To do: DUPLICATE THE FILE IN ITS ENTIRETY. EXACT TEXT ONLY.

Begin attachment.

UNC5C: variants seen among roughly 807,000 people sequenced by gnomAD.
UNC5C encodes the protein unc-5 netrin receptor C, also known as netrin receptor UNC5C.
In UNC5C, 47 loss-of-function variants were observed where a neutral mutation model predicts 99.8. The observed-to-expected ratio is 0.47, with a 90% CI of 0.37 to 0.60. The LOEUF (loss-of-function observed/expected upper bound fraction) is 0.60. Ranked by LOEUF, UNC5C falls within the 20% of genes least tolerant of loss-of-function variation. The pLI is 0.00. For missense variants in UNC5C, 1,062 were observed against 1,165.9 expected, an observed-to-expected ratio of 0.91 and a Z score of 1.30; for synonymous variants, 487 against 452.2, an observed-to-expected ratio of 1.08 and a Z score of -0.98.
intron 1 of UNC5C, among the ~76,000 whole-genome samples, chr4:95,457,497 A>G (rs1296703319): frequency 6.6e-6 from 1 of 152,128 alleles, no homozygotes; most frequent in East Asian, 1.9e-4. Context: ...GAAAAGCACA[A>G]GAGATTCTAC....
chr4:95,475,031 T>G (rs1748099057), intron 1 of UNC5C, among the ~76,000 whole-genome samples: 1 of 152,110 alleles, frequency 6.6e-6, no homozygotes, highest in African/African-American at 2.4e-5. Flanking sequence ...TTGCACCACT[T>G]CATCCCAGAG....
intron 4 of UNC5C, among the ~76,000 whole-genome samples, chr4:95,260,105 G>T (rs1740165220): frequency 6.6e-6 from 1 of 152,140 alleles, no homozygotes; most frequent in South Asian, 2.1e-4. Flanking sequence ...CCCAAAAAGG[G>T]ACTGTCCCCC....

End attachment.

UNC5C: variants seen among roughly 807,000 people sequenced by gnomAD.
UNC5C encodes the protein unc-5 netrin receptor C, also known as netrin receptor UNC5C.
In UNC5C, 47 loss-of-function variants were observed where a neutral mutation model predicts 99.8. The observed-to-expected ratio is 0.47, with a 90% CI of 0.37 to 0.60. The LOEUF (loss-of-function observed/expected upper bound fraction) is 0.60. Ranked by LOEUF, UNC5C falls within the 20% of genes least tolerant of loss-of-function variation. The pLI is 0.00. For missense variants in UNC5C, 1,062 were observed against 1,165.9 expected, an observed-to-expected ratio of 0.91 and a Z score of 1.30; for synonymous variants, 487 against 452.2, an observed-to-expected ratio of 1.08 and a Z score of -0.98.
intron 1 of UNC5C, among the ~76,000 whole-genome samples, chr4:95,457,497 A>G (rs1296703319): frequency 6.6e-6 from 1 of 152,128 alleles, no homozygotes; most frequent in East Asian, 1.9e-4. Context: ...GAAAAGCACA[A>G]GAGATTCTAC....
chr4:95,475,031 T>G (rs1748099057), intron 1 of UNC5C, among the ~76,000 whole-genome samples: 1 of 152,110 alleles, frequency 6.6e-6, no homozygotes, highest in African/African-American at 2.4e-5. Flanking sequence ...TTGCACCACT[T>G]CATCCCAGAG....
intron 4 of UNC5C, among the ~76,000 whole-genome samples, chr4:95,260,105 G>T (rs1740165220): frequency 6.6e-6 from 1 of 152,140 alleles, no homozygotes; most frequent in South Asian, 2.1e-4. Flanking sequence ...CCCAAAAAGG[G>T]ACTGTCCCCC....